Renovated Medical Workforce Building opens at SJR State College

ORANGE PARK – Students at St. Johns River State College concentrating on four fields of study have returned to walking the halls of the Workforce Building, the newest digs on campus.

Emergency Medical Services, Emergency Medical Technician, Paramedic and Medical Assisting students will enter their second year of study at the recently-renovated, state-of-the-art facility, which has already exceeded the needs of students.

Getting the upgraded building up and running was a process that didn’t come without challenges, either. Construction broke ground shortly before the COVID-19 pandemic in 2020, and delays followed. The building is now finished, and the process was worth it. 

The building’s completion was a major milestone because it will save local students time-draining commutes to and from the St. Augustine and Palatka campuses. It will also provide them with a comprehensive medical education.

Just ask Ricky Webb, Director of EMS Programs. Webb has been in charge of the college’s operation for nearly 11 years and he’s excited with the completed project.

“The (renovated) building looks completely different and offers so many more amenities and resources,” he said. 

Webb said that the additional equipment, space and resources will not only provide convenience for students but also allow them to finish their coursework and enter the professional workforce, where they will trade studying for lifesaving in an industry that has recently witnessed a spike in demand post-COVID, he said.

Michelle Sjogren, Assistant Vice Principal for Institutional Advancement and Strategic Communication, agreed.

“We’re very well equipped,” she said.  

Webb recently led a tour of the Workforce Building. The once-cramped building boasts dedicated sections for the various medicinal disciplines offered by the college, including an area for EMS training focusing on paramedics. 

One recently installed item was a “presser,” an interactive medical training board for students who actively follow a patient situation. Here, those students will be asked to make suggestions and offer solutions for caring for that person. 

In the same classroom, three “pods” eerily resemble actual hospital rooms, each containing dummy “patients” that sit in hospital beds. If that’s not enough, an elevated ambulance bay with room for one emergency vehicle sits under a covered metal room at the back of the building, which allows students to practice in rain or shine.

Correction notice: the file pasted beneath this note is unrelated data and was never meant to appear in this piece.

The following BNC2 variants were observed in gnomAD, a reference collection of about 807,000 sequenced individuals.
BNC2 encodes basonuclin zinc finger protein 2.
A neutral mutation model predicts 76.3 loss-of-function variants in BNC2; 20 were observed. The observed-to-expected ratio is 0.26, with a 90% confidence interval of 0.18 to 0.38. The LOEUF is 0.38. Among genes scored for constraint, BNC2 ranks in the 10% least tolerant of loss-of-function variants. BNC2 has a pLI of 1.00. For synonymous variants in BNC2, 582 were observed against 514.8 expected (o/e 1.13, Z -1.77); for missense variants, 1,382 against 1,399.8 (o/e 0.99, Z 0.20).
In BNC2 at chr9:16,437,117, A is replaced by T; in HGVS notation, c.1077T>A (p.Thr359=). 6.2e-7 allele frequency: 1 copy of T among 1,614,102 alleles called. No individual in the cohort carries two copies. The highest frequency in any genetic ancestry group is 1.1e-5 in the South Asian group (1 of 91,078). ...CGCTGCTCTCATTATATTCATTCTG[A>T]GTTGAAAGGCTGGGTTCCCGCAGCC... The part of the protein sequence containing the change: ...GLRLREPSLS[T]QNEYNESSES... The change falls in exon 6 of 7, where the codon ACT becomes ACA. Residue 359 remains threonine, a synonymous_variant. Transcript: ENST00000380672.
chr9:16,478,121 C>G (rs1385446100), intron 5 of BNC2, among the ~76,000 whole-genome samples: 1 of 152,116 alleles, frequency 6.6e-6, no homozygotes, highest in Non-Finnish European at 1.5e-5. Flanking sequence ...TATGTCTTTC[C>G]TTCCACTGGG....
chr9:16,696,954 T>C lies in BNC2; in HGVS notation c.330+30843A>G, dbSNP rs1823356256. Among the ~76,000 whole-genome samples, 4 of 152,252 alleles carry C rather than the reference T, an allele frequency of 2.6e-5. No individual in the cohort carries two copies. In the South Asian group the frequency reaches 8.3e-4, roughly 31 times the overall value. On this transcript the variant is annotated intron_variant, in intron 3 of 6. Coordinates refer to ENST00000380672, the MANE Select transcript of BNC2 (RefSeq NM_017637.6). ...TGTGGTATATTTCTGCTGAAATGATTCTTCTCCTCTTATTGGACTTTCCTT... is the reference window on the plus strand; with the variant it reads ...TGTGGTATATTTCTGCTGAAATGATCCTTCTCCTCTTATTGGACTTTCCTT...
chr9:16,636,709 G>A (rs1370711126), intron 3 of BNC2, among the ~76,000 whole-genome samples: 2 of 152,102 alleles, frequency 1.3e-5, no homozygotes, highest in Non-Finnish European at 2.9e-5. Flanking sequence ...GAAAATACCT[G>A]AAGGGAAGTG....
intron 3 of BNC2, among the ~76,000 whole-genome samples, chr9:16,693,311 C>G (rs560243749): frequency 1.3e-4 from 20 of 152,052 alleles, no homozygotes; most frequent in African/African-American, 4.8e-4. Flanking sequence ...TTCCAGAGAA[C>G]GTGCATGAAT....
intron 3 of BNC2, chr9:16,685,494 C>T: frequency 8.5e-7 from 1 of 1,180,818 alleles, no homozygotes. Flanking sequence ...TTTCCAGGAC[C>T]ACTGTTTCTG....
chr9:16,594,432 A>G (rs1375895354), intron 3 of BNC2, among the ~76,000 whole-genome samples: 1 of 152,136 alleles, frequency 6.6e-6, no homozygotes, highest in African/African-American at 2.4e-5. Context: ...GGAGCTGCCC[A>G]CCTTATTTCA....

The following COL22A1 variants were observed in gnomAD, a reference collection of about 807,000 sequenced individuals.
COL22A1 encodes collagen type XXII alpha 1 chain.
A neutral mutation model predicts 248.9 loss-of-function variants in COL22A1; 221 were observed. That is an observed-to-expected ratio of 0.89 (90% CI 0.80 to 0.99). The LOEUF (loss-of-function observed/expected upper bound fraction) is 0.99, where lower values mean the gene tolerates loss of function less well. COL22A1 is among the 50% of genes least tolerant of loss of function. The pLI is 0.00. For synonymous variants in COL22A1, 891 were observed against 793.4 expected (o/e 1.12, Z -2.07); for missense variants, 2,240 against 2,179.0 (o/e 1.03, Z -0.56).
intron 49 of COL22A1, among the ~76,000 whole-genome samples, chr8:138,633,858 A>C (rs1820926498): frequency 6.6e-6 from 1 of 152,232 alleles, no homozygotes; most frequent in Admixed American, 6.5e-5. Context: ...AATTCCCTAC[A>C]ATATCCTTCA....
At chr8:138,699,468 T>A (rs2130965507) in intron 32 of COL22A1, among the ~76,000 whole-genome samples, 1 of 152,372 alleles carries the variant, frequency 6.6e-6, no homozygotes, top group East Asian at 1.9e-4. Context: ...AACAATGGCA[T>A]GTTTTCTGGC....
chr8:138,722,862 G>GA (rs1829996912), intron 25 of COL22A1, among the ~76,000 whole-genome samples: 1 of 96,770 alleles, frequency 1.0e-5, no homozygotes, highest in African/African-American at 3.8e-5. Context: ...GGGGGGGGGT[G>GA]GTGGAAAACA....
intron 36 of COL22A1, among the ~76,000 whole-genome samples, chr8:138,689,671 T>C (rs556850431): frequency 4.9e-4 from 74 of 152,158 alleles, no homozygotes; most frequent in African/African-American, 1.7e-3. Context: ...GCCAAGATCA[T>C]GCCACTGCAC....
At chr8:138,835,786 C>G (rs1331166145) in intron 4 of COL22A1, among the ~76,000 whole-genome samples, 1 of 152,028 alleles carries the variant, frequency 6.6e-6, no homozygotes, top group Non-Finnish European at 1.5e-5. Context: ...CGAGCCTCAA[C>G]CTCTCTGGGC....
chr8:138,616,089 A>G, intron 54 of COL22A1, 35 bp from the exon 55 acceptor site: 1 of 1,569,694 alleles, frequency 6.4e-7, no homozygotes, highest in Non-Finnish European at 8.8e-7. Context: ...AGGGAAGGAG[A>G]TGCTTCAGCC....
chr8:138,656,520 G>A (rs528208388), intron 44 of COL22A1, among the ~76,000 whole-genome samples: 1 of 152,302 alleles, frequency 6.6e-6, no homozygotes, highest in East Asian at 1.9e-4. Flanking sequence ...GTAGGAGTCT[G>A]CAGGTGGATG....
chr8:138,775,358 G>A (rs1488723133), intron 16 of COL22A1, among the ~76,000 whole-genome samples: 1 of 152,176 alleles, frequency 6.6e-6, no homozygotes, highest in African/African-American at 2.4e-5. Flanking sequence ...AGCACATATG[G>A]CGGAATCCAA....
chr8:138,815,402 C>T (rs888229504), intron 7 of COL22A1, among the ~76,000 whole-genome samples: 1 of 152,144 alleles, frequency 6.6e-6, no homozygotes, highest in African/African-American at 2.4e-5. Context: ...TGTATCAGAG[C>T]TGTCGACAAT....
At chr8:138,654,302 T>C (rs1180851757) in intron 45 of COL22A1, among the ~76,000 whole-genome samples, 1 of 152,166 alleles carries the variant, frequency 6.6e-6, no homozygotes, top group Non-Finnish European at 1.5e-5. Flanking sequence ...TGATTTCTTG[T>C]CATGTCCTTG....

An additional asset is the ambulance bay, which allows students at St. Johns to practice “situations” in real-time. Ambulances route to campus so that the future angels can conduct the “procedures.” In these simulated instances, “patients” undergo a number of “ailments,” such as strokes, heart attacks and more. 

When an ambulance brings a dummy to the bay, the students get to work. “We’re going to be able to work groups of students in a way that (simulates) a real-life situation from the hospital,” Webb said. 

Previously, it was still possible, but not as convenient during this time of year, with torrential downpours and heat waves. Now, students can focus, rain or shine. 

The enhanced building further enhances the learning experience in what interactive load of coursework for medical students, who visit Baptist Medical Center Clay, Baptist Medical Center South, Baptist Medical Center Jacksonville and complete ambulance “ride-alongs,” where students go in the field to witness and participate in real medical emergencies alongside professionals.

The building could be a boon for the college, especially if more prospective students see the improvements.

“Once (the building) is seen, and more people are able to recognize the space and equipment here, it could be a huge asset to our program,” Webb said.

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